(iv) The learned counsel for the second respondent relied on the judgment of the Hon'ble Apex Court reported in 2009 (7) SCC 552 [Divisional Manager, Rajasthan State Road Transport Corporation Vs. Kamruddin] and submitted that the Hon'ble Apex Court held that the delinquent employee committed 5 times misconduct of non-issuing tickets after receiving money and also held that the domestic enquiry was conducted in a fair and proper manner and charges were proved. In the circumstances, order of termination is proper and the order of the Labour Court setting aside the said order awarding stoppage of increment, which was confirmed by the High Court are not proper and valid. The power of Labour Court or the Tribunal to interfere with the quantum of punishment must be exercised judicially.
9. We have carefully perused all the materials available on record, the award of the first respondent as well as the order of learned Judge, dated 23.02.2011, made in W.P.(MD)No.4041 of 2006 and considered the arguments advanced by the learned counsel appearing for the parties.
10. It is the case of the second respondent that the appellant having received money from the passenger, failed to issue ticket and misappropriated a sum of Rs.27.50. The appellant denied the charges. The second respondent conducted a domestic enquiry and based on the Enquiry Report, following the procedure, terminated the services of the appellant. The appellant raised an Industrial Dispute before the first respondent and alleged that the second respondent did not conduct proper domestic enquiry and did not give fair opportunity to him and the punishment imposed is disproportionate to the charges levelled against him. Before the first respondent, the appellant did not examine himself and did not produce any documentary evidence. The second respondent did not let in any oral evidence, but marked Exs.M.1 to M.13. The first respondent considering the domestic enquiry proceedings and the procedure adopted by the second respondent held that the domestic enquiry was fair and proper. There is no error in the said order.
11. The contention of the learned counsel for the appellant that the second respondent failed to examine the passenger and therefore, the statement of passenger could not be relied on, is untenable. It is well settled that in the domestic enquiry, strict proof of evidence to prove the charges levelled against the delinquent employee is not necessary. The statement of passenger was marked through the Checking Inspector and the appellant did not object to the same at that time or in the explanation given by him to the second show cause notice. The Hon'ble Apex Court in the judgment reported in 2010 (6) SCC 555 [U.P. State Road Transport Corporation Vs. Suresh Chand Sharma] following it's judgment reported in 1977 (2) SCC 491 : AIR 1977 SC 1512 [State of Haryana Vs. Rattan Singh], has held that nonexamination of passenger is not fatal to the case of Corporation. The report of the Checking Inspector was marked and he was not cross-examined. The High Court must give cogent and valid reasons to interfere with the order of Labour Court, confirming the order of Management. Therefore, the judgments relied on by the learned counsel for the appellant with regard to non-examination of passenger do not advance the case of the appellant. The appellant has not made out any case before the learned Judge as well as before us to interfere with the said finding.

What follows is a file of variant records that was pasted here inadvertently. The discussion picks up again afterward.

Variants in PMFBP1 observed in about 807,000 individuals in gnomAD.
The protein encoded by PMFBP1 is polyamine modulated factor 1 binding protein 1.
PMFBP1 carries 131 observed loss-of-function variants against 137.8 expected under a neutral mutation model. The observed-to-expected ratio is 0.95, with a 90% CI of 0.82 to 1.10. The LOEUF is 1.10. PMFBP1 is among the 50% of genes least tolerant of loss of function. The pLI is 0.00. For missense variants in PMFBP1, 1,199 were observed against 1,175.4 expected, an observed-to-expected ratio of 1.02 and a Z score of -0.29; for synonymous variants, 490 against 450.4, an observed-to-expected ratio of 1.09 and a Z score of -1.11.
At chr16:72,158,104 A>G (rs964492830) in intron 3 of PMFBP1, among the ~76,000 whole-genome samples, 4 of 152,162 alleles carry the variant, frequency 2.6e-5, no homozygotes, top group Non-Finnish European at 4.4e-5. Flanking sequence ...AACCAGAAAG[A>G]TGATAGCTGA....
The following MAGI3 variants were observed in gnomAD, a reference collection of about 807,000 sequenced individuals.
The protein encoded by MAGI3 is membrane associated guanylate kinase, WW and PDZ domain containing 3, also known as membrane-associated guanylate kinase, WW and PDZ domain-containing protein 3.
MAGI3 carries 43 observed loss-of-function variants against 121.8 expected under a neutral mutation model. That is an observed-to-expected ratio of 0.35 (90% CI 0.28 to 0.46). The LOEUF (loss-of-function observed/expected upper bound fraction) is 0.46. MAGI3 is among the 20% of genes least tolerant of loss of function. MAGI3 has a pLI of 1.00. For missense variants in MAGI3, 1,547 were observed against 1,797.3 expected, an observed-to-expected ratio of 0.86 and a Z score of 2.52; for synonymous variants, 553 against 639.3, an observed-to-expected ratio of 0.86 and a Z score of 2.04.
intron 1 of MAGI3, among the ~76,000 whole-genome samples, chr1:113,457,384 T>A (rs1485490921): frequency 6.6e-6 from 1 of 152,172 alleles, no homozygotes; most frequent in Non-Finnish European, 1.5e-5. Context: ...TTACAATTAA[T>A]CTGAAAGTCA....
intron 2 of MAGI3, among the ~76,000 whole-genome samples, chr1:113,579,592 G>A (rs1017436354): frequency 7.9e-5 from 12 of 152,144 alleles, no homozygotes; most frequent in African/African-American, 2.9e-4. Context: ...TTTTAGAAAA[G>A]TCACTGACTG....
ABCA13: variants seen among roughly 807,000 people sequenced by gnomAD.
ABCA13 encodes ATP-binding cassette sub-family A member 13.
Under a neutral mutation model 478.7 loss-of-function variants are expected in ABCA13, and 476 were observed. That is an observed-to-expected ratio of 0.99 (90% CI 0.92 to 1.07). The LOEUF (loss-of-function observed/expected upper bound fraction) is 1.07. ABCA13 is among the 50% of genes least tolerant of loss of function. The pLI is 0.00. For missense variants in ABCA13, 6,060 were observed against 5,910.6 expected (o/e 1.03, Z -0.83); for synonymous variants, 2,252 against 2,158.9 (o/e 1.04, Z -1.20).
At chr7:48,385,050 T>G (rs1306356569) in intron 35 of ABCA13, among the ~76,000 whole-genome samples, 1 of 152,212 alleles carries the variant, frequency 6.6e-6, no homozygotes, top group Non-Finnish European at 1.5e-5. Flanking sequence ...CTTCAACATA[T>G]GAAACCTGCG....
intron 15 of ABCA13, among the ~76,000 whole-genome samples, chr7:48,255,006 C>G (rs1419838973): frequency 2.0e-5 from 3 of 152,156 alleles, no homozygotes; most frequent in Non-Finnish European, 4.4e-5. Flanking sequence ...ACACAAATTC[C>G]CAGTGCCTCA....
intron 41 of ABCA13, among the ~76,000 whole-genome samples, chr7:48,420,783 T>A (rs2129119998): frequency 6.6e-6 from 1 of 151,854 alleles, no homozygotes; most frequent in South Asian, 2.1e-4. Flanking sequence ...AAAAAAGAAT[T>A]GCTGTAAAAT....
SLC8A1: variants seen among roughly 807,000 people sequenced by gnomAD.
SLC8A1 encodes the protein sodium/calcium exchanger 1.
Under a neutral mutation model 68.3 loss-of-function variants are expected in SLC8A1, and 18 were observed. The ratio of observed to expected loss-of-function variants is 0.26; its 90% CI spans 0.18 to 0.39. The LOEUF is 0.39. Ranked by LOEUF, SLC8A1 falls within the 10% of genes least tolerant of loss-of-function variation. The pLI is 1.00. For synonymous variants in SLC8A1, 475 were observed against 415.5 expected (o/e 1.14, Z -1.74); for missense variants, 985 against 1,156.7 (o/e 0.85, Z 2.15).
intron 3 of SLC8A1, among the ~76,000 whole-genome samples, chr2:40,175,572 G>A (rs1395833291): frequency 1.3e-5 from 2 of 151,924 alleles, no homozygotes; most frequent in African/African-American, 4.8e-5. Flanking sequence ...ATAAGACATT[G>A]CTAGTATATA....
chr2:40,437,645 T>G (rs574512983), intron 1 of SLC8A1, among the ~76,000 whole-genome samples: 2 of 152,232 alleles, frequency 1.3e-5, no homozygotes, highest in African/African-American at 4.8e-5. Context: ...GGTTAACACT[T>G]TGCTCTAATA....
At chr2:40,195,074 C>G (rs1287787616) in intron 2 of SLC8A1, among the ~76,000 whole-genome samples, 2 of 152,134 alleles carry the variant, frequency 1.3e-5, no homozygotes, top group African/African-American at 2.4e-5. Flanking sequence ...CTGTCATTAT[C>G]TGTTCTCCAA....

12. The next point for consideration is whether the order of termination is disproportionate to the charges levelled against the appellant and proved by the second respondent.
13. The Hon'ble Apex Court in the judgment reported in 1973